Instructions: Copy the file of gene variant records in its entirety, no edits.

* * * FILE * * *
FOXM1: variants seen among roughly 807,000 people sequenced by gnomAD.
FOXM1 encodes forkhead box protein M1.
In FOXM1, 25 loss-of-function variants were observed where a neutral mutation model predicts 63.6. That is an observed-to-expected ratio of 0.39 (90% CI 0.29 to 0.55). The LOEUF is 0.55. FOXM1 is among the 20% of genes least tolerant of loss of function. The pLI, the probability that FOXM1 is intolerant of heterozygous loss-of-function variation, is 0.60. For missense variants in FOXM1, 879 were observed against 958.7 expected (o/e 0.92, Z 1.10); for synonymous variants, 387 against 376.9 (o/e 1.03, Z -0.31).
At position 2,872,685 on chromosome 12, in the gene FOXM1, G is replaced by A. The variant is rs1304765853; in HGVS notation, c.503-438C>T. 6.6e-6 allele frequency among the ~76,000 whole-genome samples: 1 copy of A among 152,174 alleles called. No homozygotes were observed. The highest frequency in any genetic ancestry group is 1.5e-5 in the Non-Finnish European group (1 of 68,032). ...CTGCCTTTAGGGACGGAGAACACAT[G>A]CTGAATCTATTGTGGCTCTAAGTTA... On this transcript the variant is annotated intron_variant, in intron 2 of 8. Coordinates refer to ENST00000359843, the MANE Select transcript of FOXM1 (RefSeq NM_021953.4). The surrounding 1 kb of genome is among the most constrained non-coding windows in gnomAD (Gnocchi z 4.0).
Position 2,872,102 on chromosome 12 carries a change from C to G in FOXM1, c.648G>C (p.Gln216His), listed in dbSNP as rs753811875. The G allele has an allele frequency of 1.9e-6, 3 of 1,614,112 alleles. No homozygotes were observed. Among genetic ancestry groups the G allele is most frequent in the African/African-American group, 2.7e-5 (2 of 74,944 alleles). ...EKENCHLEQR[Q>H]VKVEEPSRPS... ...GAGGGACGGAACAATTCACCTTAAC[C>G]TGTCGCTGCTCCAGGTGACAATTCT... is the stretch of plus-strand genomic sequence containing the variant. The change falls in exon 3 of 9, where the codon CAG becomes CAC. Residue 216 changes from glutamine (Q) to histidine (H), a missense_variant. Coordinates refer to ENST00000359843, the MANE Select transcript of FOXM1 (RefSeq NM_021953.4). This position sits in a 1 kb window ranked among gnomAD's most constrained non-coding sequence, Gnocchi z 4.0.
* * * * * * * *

FOXM1: variants seen among roughly 807,000 people sequenced by gnomAD.
FOXM1 encodes forkhead box protein M1.
In FOXM1, 25 loss-of-function variants were observed where a neutral mutation model predicts 63.6. That is an observed-to-expected ratio of 0.39 (90% CI 0.29 to 0.55). The LOEUF is 0.55. FOXM1 is among the 20% of genes least tolerant of loss of function. The pLI, the probability that FOXM1 is intolerant of heterozygous loss-of-function variation, is 0.60. For missense variants in FOXM1, 879 were observed against 958.7 expected (o/e 0.92, Z 1.10); for synonymous variants, 387 against 376.9 (o/e 1.03, Z -0.31).
At position 2,872,685 on chromosome 12, in the gene FOXM1, G is replaced by A. The variant is rs1304765853; in HGVS notation, c.503-438C>T. 6.6e-6 allele frequency among the ~76,000 whole-genome samples: 1 copy of A among 152,174 alleles called. No homozygotes were observed. The highest frequency in any genetic ancestry group is 1.5e-5 in the Non-Finnish European group (1 of 68,032). ...CTGCCTTTAGGGACGGAGAACACAT[G>A]CTGAATCTATTGTGGCTCTAAGTTA... On this transcript the variant is annotated intron_variant, in intron 2 of 8. Coordinates refer to ENST00000359843, the MANE Select transcript of FOXM1 (RefSeq NM_021953.4). The surrounding 1 kb of genome is among the most constrained non-coding windows in gnomAD (Gnocchi z 4.0).
Position 2,872,102 on chromosome 12 carries a change from C to G in FOXM1, c.648G>C (p.Gln216His), listed in dbSNP as rs753811875. The G allele has an allele frequency of 1.9e-6, 3 of 1,614,112 alleles. No homozygotes were observed. Among genetic ancestry groups the G allele is most frequent in the African/African-American group, 2.7e-5 (2 of 74,944 alleles). ...EKENCHLEQR[Q>H]VKVEEPSRPS... ...GAGGGACGGAACAATTCACCTTAAC[C>G]TGTCGCTGCTCCAGGTGACAATTCT... is the stretch of plus-strand genomic sequence containing the variant. The change falls in exon 3 of 9, where the codon CAG becomes CAC. Residue 216 changes from glutamine (Q) to histidine (H), a missense_variant. Coordinates refer to ENST00000359843, the MANE Select transcript of FOXM1 (RefSeq NM_021953.4). This position sits in a 1 kb window ranked among gnomAD's most constrained non-coding sequence, Gnocchi z 4.0.